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Find the top rated dog walking trails in Ashland, whether you're looking for an easy short dog walking trail or a long dog walking trail, you'll find what you're looking for. Click on a dog walking trail below to find trail descriptions, trail maps, photos, and reviews.
|Trail Image||Trail Name||States||Length||Surface||Rating|
The A Canal Trail offers a pleasant, paved route of just over 3 miles that connects the communities of Klamath Falls and Altamont in south-central Oregon. Traversing both urban and suburban settings,...
The Bear Creek Greenway is an 18.5-mile paved multi-use trail that travels through creek-side woods and natural areas, connecting five communities and eight parks along its course. The main portion of...
The Central Ashland Bikepath is a paved trail that runs alongside the active Central Oregon and Pacific Railroad. It stretches from Tolman Creek Road to 6th Street, passing through Garfield Park and...
Although the Lithia Park Trail is short (just 0.5 mile), the park itself has rich history and is listed on the National Register of Historic Places. In 1892 the Chautauqua Association brought...
One of the longest rail-trails in the country, the OC&E Woods Line State Trail stretches 109.9 miles through south-central Oregon. The route comprises two rail lines that once supported the region's...
|OR||109.9 mi||Asphalt, Ballast, Cinder, Dirt, Gravel, Woodchips||
The Rogue River Greenway begins in the southwestern Oregon town of Rogue River. From the south end of town, the scenic, well-shaded trail heads southeast along the northern bank of the river for...
We rode 11 miles each way on great paved surface along the river. We loved this trail.
Could be called homeless trail. Very unnerving with so many people coming out of the bushes and actually laying on the trail. Nicely paved a bit hard to follow with so many entrances and exits.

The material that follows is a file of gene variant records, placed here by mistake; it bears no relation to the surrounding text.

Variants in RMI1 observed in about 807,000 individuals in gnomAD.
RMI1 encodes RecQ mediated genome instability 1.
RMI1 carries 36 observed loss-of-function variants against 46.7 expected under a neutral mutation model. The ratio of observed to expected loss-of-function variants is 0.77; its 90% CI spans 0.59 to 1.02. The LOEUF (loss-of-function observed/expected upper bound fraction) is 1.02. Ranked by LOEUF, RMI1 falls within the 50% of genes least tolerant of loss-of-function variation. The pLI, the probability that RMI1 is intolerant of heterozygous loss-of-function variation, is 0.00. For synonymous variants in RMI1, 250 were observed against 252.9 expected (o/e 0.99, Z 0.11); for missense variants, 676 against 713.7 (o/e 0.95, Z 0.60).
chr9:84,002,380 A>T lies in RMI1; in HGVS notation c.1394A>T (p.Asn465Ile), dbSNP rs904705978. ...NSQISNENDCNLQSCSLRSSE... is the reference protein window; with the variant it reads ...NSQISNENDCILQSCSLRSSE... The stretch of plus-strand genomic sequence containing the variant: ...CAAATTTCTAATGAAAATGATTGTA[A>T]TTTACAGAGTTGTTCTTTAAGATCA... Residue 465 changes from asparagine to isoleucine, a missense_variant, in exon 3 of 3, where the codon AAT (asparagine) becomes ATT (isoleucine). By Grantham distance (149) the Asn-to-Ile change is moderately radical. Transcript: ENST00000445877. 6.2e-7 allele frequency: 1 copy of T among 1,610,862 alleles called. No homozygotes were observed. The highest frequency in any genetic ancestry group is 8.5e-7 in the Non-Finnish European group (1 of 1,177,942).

Our experience was great. Beautiful and safe and in Ashland we had lunch in a nice outdoor cafe before we returned to Central Point.
I needed to grab a 12 mile run on my vacation and was looking for a relatively flat route. This was it! I picked up the path at S. Stage Rd and ran to the end in Ashland. The path is well-maintained with any cracks or bumps marked with bright spray paint. The path passes several parks and parking areas with restrooms and water fountains. I think I passed a total of three point to point. The trail was well marked except for the final turn into the neighborhood in Ashland where it picks up a different trail to conclude.
Picked up the trail at the end in Klamath Falls in July. I rode a suspended mountain bike and my friend rode an off-rode trike. The paved section had many, many deep cracks about 25 feet apart. They were filled in with tar but the cracks were still noticeable. I mention this because if you have a bad back, you will feel this the next day. There were many residents using the trail and that was great to see.
When I read the guidebooks I was aware that the paved section stops at Oline. However, I had the impression that the trail width would remain unchanged. When we got to Olene the wide paved trail went to a narrow, single-track trail that was unpassable for a trike. We were disappointed that our venture was stopped so soon.
I just rode the paved part, but it was okay. For me, camping at KOA Journey campground in Klamath Falls, was the “A Canal Trail” right next to the campground that connected with the OC&E Trail.
We started the bike ride at MP27 in Central Point at the newly-built Southern Oregon RV Park at the fairgrounds. We turned around at MP16.
Except for a couple of areas with root heaves which were marked with paint, the asphalt trail was in very good condition. The trail is relatively flat and runs along Bear Creek. This section of the trail is not particularly scenic and parts of the trail parallel I-5. At some points, the trail even runs underneath freeway overpasses. There are a couple of nice parks along the way – Hawthorne Park, Bear Creek Park and the very large US Cellular Sports Park. Most of the parks mentioned have water and restrooms.
The sad part of this section of the trail is the number of homeless and transient encampments on the trail. People are living under the underpasses and along the river. No one bothered us and I heard that the cities along the trail sweep through the area on a regular basis and cleanup all the garbage left behind and try to break up the encampments.
Overall, I would recommend this ride if you are in the area.
We scouted this trail on a trip through the west when we had already gone a few days without getting on the bikes, and had a few more non-riding days ahead. The Pine Grove trailhead was convenient and had full facilities. Riding east from there to the end of the pavement showed us that we would not be going further; the gravel is too rough for my road bike with the widest tires that will fit, or my wife's hybrid with slick tires on it.